The servers are 64bit RHEL4 16GB RAM 15K RPM RAID10 and their data size is about 12TB of meta data (not including the image data which is stored on a filer.) They use InnoDB file per table so space can be reclaimed from deletes. It is also easier for backups and data migration.

Database configuration:

  • Max connections: 400 per server in shard (800 across both servers in a shard)
  • Thread concurrency 32
  • 5% of 12TB in memory so 13GB for innodb_buffer_pool

When doing a schema roll out they shutdown half the servers in a shard and force traffic to other server, do the ALTER TABLE, then bring it up and do the other server.

Both of the Amazon AWS sessions were scheduled at the same time. Luckily I went to the S3 storage engine first which ran short so I could sneak into the other session too.

Mark Atwood has created a new storage engine that uses Amazon’s S3 service. Unfortunately it is not yet a replacement for a general SQL engine but it is good for storing and serving big BLOBs like images. Simple selects showed very good response times. Here is how S3 translates to MySQL:

  • AWS Account -> CREATE SERVER
  • S3 Bucket -> Table
  • S3 Item -> Row
  • S3 Item Contents -> BLOB or VARCHAR

Here is how you would create a table:

There are some problems like:

  • Not transactional
  • No temporal guarantees – IE it could take some time for someone connected to a different AWS datacenter to see your latest insert
  • Bad queries can cost real money. Full table scans are bad.

This engine can only be used with 5.1.

When Mark’s talk finished I went over to the session by Gururaja Rao from wipro on running cluster on Amazon EC2. I missed the first bit of this session but after speaking with him afterwards it looks like they have been very successful running cluster on EC2 (although only 5.0 not 5.1’s on disk NDB so far). His plan is to build a service that monitors the state of the cluster and automatically provision a new EC2 instance if one should fail. His architecture also involves running backups to S3 for disaster recovery. I asked him if there was a limit to the size of the cluster you can run and he didn’t seem to think there would be a problem running a 100 node cluster. Not sure how easy that would be to manage though…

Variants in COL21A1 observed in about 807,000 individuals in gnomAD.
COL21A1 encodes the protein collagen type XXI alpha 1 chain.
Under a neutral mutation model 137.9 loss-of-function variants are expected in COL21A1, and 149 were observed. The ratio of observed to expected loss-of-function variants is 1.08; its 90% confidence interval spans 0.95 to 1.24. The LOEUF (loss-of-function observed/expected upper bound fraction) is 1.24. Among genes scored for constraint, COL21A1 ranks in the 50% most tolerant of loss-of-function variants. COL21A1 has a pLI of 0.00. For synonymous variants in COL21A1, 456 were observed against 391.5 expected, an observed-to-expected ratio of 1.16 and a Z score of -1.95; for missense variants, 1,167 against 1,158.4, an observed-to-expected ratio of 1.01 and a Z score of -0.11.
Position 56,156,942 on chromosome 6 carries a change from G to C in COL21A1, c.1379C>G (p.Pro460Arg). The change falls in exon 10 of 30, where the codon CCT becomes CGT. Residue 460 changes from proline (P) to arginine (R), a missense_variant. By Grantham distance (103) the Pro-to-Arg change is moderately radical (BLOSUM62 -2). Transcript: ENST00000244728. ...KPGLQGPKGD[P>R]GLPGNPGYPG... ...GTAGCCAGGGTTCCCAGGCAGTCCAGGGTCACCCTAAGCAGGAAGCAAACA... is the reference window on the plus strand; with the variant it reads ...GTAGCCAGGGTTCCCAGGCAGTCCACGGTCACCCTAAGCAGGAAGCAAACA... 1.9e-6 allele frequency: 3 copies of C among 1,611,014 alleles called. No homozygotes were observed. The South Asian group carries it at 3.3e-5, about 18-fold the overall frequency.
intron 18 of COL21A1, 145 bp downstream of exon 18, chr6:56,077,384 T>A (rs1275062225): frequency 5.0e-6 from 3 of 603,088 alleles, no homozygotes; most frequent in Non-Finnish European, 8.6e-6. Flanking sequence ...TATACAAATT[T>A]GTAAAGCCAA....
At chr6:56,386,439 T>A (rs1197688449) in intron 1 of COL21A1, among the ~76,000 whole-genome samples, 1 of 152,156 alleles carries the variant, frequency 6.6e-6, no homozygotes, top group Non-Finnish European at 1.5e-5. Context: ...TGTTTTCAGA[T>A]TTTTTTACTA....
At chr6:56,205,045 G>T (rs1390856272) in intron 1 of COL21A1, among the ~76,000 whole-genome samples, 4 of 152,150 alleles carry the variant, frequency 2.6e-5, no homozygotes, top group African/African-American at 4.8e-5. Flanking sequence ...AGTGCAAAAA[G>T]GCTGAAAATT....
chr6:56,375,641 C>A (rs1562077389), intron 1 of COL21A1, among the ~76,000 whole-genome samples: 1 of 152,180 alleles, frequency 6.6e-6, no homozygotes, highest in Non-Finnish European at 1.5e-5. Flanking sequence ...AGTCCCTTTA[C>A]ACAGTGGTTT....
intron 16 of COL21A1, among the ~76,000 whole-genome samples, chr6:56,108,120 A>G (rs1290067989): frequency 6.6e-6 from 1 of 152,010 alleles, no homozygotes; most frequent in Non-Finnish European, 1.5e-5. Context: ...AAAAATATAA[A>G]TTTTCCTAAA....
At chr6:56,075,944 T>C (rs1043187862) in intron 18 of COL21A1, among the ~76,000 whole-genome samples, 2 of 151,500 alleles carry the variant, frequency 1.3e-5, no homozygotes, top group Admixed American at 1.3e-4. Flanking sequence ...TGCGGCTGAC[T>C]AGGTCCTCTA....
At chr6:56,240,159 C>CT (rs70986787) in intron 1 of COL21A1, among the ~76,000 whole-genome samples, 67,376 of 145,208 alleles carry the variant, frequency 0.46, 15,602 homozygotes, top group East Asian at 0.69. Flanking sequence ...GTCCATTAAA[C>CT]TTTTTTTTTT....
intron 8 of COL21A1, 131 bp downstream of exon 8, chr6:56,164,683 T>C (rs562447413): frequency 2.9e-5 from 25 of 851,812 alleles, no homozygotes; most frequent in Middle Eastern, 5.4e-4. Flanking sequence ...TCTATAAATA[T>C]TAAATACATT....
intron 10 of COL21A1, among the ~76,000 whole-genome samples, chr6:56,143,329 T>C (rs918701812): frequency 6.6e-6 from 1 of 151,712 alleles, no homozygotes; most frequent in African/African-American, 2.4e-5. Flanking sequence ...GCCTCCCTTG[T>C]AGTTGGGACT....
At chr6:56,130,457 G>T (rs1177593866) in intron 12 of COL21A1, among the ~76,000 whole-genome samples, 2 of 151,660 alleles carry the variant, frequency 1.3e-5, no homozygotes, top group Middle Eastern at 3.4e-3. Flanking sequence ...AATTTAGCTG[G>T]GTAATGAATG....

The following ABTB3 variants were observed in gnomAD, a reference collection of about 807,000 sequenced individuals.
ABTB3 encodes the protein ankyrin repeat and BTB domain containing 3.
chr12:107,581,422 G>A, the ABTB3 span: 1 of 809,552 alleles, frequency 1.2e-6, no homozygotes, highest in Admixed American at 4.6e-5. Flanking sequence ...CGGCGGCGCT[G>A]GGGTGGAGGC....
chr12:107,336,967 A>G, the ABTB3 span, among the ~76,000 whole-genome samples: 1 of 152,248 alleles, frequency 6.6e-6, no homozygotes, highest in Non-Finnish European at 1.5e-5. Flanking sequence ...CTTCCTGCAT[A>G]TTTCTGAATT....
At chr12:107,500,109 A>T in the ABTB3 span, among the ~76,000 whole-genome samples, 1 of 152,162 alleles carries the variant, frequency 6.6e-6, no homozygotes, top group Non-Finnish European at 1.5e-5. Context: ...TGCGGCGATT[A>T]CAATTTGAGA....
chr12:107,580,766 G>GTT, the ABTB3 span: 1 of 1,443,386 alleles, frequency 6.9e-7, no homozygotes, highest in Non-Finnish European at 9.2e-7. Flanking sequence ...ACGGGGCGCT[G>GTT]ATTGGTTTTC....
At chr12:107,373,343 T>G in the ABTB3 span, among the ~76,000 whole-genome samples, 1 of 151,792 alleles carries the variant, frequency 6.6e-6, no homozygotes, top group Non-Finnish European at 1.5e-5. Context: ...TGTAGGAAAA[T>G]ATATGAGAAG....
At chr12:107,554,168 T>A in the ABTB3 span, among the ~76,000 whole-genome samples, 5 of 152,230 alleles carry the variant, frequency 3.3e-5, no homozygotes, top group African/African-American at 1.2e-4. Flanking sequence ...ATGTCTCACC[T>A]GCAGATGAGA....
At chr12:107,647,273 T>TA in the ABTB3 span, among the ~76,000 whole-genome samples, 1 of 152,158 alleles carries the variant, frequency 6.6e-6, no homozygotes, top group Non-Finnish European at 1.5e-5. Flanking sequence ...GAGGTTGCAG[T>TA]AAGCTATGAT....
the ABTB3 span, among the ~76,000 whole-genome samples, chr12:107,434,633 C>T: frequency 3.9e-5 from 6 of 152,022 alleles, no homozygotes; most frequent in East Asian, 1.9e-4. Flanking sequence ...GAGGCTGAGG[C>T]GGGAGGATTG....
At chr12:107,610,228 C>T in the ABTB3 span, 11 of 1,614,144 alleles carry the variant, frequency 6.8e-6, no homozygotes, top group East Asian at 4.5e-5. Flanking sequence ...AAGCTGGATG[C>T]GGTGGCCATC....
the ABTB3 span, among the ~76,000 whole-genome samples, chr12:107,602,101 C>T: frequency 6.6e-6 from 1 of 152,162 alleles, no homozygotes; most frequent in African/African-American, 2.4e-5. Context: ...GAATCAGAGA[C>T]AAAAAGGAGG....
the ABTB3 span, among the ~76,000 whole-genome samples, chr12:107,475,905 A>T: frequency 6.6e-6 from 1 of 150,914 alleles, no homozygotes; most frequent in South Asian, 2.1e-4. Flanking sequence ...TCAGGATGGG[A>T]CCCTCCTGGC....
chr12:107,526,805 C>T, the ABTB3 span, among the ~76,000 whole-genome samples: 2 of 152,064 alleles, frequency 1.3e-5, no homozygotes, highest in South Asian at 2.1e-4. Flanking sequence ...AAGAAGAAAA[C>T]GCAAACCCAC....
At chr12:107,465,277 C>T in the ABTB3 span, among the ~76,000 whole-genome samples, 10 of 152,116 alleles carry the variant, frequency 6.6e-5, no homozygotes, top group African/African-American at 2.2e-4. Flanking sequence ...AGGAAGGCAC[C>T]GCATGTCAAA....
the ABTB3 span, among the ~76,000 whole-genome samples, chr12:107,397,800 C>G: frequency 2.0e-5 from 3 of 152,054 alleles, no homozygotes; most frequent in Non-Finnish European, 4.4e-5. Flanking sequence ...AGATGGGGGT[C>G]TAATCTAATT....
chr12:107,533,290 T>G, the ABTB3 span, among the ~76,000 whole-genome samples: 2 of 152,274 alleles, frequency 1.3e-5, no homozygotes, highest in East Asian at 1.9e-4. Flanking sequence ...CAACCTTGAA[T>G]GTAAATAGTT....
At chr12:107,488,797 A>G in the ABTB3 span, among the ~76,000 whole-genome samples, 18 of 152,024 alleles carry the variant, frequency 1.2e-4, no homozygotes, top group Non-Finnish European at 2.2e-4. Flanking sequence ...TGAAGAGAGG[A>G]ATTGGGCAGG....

This sounds really cool and would certainly be great for high availability. However, what would be even cooler is if this could be combined with the ability to automatically add nodes to the cluster depending on the server load. I think this would be harder though as I don’t think you can just add another node to MySQL without restarting the cluster. I think this is planned for 5.2.

There is a also the small chance that you have multiple members of your cluster on the same physical box. If you were to lose this machine then that could be bad for high availability…

This definitely looks promising although I don’t think it is something we would look at immediately as it adds quite a bit of complexity and I don’t think we would need that level of availability to begin with. Also, there is the small matter that this is just an idea and is not built yet. 🙂

I was chatting to fellow Aussie Adam Donnison at lunch yesterday and today I sat in on his session on running the MySQL websites. It was interesting to note the similarities of the mysql setup with our m3 infrastructure although he uses ldirectord/lvs for software load balancing (they used to use RR DNS!)